The first time Craig Alter, a pediatric endocrinologist at Children's Hospital of Philadelphia, heard the word for his specialty was as an eighth-grader. He was watching the original Star Trek when an endocrinologist joined Dr. McCoy to diagnose an adrenal condition in one of the starship Enterprise crew members. A longtime fan of the show, Alter also noted a second time when endocrinology played a role on the series. During the episode "Plato's Stepchildren," the crew encounters a character with dwarfism and Spock correctly states that it stemmed from a pituitary problem, another shout-out to Alter's future specialty.
February 9, 2014 |
When she was 13, Elizabeth Welsh entered a road race in Norristown. When she saw the huge trophy for the top female finisher, she made a vow: "I'm going to get that. " Welsh kept that promise, passing, among others, a fortysomething man to win the overall title. That trophy is in the bedroom of the house where she grew up in Haverford, draped with the many ribbons and medals she has won since in rowing and running contests. Welsh, 27, now lives in Fairmount. In May, she will receive her nurse practitioner degree from Villanova University, where she has been studying hard, perfecting clinical skills, and teaching nursing undergrads to earn her tuition.
December 22, 2013 |
Daisy, a 3-year-old domestic short-haired cat, was brought to our clinic late last December because of a two-day history of vomiting, gagging, refusing food and water, and hiding under the bed. While being examined, the indoor cat assumed a hunched stance, with her neck somewhat outstretched. She was dehydrated, and her pulses were slightly weak. Her heart was racing, but she was breathing comfortably and her lungs sounded clear. Daisy's abdomen felt normal and did not seem painful when I palpated it. Her temperature, 102.5 degrees, was normal for a cat. During the exam, Daisy gagged a few times for no apparent reason.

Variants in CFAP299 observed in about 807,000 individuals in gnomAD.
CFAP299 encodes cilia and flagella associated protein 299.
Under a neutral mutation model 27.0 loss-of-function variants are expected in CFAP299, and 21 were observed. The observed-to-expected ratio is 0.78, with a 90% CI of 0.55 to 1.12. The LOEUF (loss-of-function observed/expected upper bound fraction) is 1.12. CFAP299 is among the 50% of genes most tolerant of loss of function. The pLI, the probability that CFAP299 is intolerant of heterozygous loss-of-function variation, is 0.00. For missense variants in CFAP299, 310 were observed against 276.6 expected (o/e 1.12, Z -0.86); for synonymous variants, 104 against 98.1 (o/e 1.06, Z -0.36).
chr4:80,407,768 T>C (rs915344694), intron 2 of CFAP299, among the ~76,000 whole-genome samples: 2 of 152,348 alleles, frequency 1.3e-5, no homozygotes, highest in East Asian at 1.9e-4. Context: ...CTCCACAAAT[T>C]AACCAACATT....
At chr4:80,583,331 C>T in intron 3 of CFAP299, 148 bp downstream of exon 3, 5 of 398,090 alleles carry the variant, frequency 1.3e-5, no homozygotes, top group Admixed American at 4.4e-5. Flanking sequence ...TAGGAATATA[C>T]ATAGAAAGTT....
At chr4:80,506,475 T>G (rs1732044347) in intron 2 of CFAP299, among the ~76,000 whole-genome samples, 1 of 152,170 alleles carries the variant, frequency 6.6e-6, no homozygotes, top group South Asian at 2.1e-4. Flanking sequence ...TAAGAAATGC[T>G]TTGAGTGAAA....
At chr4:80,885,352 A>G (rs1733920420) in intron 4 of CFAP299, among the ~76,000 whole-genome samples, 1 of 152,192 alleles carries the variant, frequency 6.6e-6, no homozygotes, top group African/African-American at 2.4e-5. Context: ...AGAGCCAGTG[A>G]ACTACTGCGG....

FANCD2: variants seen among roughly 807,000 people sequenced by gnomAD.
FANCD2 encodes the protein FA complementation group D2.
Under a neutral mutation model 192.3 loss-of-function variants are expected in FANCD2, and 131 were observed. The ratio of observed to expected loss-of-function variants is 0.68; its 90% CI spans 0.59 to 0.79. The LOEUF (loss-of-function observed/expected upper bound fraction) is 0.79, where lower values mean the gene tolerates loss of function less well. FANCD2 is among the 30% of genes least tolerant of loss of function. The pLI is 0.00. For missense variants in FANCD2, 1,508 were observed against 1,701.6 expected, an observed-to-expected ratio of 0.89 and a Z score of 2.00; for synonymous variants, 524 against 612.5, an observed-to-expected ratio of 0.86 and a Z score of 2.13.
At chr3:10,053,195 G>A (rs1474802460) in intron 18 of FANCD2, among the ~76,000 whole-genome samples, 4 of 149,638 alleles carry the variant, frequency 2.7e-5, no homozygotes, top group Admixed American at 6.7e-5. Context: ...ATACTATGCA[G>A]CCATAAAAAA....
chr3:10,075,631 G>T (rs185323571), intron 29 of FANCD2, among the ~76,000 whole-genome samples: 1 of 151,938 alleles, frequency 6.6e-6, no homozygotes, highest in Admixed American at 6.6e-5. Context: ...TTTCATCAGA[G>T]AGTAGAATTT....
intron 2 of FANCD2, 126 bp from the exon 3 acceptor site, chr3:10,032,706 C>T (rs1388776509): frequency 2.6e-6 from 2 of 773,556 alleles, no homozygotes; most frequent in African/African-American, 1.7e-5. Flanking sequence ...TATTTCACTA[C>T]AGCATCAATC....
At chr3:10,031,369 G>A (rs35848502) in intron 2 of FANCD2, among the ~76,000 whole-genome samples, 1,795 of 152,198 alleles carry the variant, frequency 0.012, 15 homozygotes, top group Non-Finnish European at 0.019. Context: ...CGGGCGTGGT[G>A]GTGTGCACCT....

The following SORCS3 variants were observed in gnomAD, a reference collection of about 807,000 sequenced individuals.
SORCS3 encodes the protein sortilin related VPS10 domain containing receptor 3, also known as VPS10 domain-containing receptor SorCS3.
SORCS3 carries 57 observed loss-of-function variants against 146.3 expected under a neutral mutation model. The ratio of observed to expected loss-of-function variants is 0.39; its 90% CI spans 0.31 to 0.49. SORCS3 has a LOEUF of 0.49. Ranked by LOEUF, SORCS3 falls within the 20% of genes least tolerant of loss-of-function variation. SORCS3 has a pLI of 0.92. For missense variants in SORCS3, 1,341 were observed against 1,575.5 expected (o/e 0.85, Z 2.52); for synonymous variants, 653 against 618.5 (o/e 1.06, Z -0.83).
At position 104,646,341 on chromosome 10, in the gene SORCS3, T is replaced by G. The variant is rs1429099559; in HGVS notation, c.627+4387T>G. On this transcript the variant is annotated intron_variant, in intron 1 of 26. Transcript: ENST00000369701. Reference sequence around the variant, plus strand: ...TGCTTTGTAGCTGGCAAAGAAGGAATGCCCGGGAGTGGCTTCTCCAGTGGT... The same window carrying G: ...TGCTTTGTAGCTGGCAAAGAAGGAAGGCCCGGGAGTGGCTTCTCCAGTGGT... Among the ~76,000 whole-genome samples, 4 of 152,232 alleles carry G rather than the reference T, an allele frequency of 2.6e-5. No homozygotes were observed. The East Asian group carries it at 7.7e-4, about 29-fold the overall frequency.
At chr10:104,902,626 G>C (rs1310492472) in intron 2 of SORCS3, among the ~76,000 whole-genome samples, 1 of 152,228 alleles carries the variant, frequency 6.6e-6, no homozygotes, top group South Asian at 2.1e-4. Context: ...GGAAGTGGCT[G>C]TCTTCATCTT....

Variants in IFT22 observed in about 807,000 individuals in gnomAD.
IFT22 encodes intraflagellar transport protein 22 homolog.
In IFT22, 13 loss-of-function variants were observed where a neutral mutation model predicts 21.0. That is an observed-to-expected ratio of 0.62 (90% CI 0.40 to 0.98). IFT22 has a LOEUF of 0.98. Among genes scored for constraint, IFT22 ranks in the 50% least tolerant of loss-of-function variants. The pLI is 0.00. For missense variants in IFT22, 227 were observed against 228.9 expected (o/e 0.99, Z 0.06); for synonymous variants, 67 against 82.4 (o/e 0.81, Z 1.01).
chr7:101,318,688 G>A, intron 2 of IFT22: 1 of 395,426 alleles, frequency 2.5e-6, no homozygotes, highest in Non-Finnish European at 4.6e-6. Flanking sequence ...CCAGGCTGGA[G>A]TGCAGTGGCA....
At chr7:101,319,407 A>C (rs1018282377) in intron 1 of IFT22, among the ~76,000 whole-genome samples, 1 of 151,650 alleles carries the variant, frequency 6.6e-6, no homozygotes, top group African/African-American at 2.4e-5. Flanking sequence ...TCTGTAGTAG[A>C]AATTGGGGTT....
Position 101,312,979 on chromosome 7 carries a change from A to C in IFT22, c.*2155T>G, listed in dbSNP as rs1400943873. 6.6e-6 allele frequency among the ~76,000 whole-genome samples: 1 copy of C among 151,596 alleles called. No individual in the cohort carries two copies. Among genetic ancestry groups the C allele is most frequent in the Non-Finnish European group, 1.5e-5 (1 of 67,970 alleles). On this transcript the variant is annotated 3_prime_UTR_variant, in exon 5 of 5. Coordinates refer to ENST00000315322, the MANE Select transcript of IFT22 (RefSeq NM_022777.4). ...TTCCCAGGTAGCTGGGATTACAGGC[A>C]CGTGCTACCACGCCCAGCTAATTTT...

October 28, 2013 |
As he reached the end of a grueling 20-hour drive that took him halfway across the country, Bob was dreaming of what he would do when he reached home. He wanted to stretch his legs, visit his elderly mom, buy himself a dozen fresh crabs, steam them, and sit down to watch the Eagles. Not necessarily in that order. For years, Bob had been what doctors might categorize as a train wreck. A recovering alcoholic, he had been used to consuming a liter of vodka every few days. He smoked heavily too, and by the time he had reached his 40s, his body showed signs of all that hard living.
April 4, 2013
WHAT WOULD you say if I told you that you could profoundly cut your risk for cardiovascular disease, diabetes and cancer? Significantly decrease your risk for Alzheimer's disease, too? And, better yet, that you could do all this without spending a single dime? Impossible, right? Wrong. All that and more may be possible simply by following the sage advice of Dr. Michael Mosley, a British medical journalist and co-author of The FastDiet: Lose Weight, Stay Healthy, and Live Longer with the Simple Secret of Intermittent Fasting . The "Fast Diet" is all the rage in Britain and could take flight here as well.